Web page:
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NFT Basics - Some Boring Tech & Terminology

Artist on Instagram - @bj00100

It's been hard to at least not have heard of NFTs, especially if you're a creator / artist. But for most artists it's a point of intrigue, but producing and selling art as NFTs is still not a least for now.

This course is designed to make it easy to understand NFTs and be able to post your art on a NFT marketplace. But, to we need to start with the basics and that's understanding the technology and terms.

Frankly, I think the tech, terminology and confusing contracts and costs are likely the biggest reason more artists have not started selling physical art as NFTs. Don't be discouraged after reading all the technical stuff. We're going to take you all the through the actual posting of art for sale on OpenSea, where we'll address all the technical stuff in this lesson.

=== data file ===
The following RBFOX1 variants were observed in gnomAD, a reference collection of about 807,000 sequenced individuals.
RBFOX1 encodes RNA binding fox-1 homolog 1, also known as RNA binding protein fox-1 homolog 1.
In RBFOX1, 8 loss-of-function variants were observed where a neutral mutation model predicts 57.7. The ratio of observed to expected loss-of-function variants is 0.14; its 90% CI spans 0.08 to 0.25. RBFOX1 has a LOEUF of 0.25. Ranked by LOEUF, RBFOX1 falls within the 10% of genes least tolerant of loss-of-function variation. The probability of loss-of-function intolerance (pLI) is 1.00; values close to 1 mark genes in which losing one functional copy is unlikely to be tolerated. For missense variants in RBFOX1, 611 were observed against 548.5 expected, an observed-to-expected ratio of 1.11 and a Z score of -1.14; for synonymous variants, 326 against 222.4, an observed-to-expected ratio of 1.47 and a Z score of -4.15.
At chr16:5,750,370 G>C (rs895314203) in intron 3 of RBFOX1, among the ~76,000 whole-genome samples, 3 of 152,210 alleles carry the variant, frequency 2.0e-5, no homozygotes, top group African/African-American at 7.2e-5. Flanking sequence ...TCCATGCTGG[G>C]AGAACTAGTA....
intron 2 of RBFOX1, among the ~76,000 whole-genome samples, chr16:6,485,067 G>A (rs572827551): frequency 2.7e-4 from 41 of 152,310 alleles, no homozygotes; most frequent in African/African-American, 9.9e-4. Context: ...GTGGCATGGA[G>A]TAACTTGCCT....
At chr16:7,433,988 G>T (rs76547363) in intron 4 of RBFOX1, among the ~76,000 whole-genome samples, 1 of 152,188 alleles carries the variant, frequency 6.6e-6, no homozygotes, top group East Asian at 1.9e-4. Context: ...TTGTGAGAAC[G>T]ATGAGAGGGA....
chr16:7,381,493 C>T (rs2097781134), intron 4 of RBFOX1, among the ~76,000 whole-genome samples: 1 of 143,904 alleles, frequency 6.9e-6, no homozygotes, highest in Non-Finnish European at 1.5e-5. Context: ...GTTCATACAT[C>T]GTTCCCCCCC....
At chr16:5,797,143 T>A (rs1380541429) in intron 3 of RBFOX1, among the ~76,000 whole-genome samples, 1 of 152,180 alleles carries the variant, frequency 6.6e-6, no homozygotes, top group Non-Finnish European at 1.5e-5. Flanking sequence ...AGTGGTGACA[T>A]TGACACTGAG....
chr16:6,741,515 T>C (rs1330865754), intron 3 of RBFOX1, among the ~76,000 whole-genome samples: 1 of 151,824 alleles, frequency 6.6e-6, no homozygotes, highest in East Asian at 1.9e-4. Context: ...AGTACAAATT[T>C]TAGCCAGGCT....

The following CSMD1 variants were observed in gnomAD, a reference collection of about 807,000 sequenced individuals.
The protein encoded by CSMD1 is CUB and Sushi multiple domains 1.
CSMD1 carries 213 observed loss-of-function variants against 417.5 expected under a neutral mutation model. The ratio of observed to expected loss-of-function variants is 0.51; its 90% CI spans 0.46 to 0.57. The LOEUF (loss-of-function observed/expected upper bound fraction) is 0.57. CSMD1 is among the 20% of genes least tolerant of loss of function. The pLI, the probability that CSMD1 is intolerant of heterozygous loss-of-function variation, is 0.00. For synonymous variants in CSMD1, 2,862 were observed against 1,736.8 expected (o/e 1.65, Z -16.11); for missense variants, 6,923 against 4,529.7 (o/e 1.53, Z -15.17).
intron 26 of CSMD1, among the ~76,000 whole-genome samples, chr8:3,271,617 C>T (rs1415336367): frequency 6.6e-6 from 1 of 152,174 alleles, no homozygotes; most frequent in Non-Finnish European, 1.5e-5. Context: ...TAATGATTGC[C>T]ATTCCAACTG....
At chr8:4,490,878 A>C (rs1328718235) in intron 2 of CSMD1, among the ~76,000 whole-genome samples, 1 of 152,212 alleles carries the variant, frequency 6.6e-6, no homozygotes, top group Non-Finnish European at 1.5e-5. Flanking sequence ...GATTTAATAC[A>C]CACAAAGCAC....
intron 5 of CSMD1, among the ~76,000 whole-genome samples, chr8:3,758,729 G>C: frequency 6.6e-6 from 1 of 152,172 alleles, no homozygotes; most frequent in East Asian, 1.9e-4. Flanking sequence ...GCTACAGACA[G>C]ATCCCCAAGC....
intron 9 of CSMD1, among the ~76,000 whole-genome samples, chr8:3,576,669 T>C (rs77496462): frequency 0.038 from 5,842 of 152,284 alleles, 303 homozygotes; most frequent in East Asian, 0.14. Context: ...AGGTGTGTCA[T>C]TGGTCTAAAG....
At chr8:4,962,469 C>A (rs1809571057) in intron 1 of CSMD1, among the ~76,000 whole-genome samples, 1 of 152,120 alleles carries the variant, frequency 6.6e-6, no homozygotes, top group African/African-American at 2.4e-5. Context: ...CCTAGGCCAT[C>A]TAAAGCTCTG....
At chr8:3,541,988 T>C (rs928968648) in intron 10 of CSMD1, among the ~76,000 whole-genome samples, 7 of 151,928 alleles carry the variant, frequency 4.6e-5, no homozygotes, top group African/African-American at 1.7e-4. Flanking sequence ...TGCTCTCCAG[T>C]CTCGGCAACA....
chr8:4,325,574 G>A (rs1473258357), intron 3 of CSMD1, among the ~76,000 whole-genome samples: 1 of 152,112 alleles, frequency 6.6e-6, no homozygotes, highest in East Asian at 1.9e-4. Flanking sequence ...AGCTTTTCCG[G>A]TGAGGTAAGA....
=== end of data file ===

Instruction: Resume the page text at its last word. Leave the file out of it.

What is an NFT?

Simply stated, an NFT is a Non-fungible token. Wikipedia's definition - A non-fungible token (NFT) is a non-interchangeable unit of data stored on a blockchain, a form of digital ledger, that can be sold and traded. Types of NFT data units may be associated with digital files such as photos, videos, and audio. Because each token is uniquely identifiable, NFTs differ from blockchain cryptocurrencies, such as Bitcoin.

NFT stands for "non-fungible token." At a basic level, an NFT is a digital asset that links ownership to unique physical or digital items, such as works of art, real estate, music, or videos. NFTs can be considered modern-day collectibles. They're bought and sold online, and represent a digital proof of ownership of any given item. NFTs are securely recorded on a blockchain - the same technology behind cryptocurrencies - which ensures the asset is one-of-a-kind. The technology can also make it difficult to alter or counterfeit NFTs.